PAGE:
In terms of profile, it’s an inviting modern C shape, veering to a hint of V behind the first few frets. Finished in satin polyurethane, it suffers none of the sticky tendencies of American Vintage nitrocellulose when new, and is therefore instantly far more comfortable to play. The nut is cut perfectly, meaning you can go for a low, buzz-free action if you want it. Truss rod tweaks are easy, because the nut is hidden discreetly at the headstock end, rather than half-underneath the pickguard at the heel as it is on vintage-style Tele® guitars. Finishing up the Texas Telecaster is the seminal T peghead, complete with a vintage-style spaghetti logo and simple ‘Telecaster’ decal: no patent numbers, no ‘Made In USA’ tags, or indeed anything else to spoil the aesthetics of this understated beauty.

One way in which Fender® is able to keep the cost down with this guitar is the finish. Instead of the usual, glossy polyurethane or nitro-cellulose finish, the Highway One™ Texas Telecaster comes with a much thinner satin lacquer coat to the body. Visually, it’s more matt in appearance, which approximates the patina of an older guitar, and tonally it’s good news because the finish is thinner, then enabling the body to resonate more, theoretically at least. Some people just won’t see the attraction, but there are those of use who really don’t like shiny, new guitars, especially those with modern lacquers that will stay that way forever. So here’s one we can drag on the floor and make look 25 years old than bit quicker!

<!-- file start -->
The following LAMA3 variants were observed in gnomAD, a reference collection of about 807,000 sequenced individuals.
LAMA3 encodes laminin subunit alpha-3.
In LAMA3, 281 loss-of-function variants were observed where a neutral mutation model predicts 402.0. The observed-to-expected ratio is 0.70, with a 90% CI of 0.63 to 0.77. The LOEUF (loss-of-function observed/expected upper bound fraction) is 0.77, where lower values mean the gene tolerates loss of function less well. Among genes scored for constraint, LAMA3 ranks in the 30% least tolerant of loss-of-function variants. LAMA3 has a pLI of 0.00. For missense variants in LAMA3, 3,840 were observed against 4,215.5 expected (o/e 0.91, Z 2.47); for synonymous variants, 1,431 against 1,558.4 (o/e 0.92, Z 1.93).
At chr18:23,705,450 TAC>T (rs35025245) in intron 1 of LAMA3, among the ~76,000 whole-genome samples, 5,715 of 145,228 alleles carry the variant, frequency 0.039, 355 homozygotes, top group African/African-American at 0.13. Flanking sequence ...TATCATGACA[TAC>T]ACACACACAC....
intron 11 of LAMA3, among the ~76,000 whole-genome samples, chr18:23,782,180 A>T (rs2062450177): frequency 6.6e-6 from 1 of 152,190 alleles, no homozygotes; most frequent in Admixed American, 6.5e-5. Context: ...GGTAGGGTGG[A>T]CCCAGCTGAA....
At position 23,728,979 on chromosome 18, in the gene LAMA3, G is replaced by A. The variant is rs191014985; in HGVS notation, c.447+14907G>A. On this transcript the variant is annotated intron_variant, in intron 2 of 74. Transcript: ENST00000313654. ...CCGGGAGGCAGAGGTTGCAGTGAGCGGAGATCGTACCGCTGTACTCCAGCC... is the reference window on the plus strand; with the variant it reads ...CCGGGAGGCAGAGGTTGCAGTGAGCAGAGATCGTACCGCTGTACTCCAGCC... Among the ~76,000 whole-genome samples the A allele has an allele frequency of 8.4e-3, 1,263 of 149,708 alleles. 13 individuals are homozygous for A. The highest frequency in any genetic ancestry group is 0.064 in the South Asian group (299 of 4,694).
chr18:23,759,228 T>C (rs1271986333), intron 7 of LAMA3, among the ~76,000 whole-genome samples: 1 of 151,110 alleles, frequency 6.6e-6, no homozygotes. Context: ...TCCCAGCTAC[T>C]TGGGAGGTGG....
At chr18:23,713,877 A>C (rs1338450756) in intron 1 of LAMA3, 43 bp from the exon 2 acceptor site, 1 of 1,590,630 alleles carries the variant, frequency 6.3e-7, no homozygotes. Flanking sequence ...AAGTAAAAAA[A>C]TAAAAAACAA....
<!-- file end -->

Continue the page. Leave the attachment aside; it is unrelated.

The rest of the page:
Simplicity is the order of the day, with vintage-style Telecaster® guitars, and here you’ll find very little deviation from the 1950s complement of components. The bottom half of Fender’s ‘ashtray’ bridge is home to both saddles and the bridge pickup—two essential factors in the Telecaster guitar’s tone. The saddles are a trio of brass beauties—an essential requirement for lovers of vintage Tele guitars. The pickups are dubbed ‘Hot Vintage’ by Fender, which we can take to be alnico V magnet single coils with some extra winds compared with standard spec, to increase output and make ’em that bit fatter in terms of a lower resonant peak: just what a lot of us want from a modern Telecaster guitar. Controlling them is an ostensibly traditional set of controls, but post-2005 guitars are fitted with Fender’s ‘Greasebucket’ tone circuit.

A sextet of vintage-style slot-head machineheads complete the hardware picture in a suitably simple yet effective manner, further aided by a single, round string retainer for the top two strings.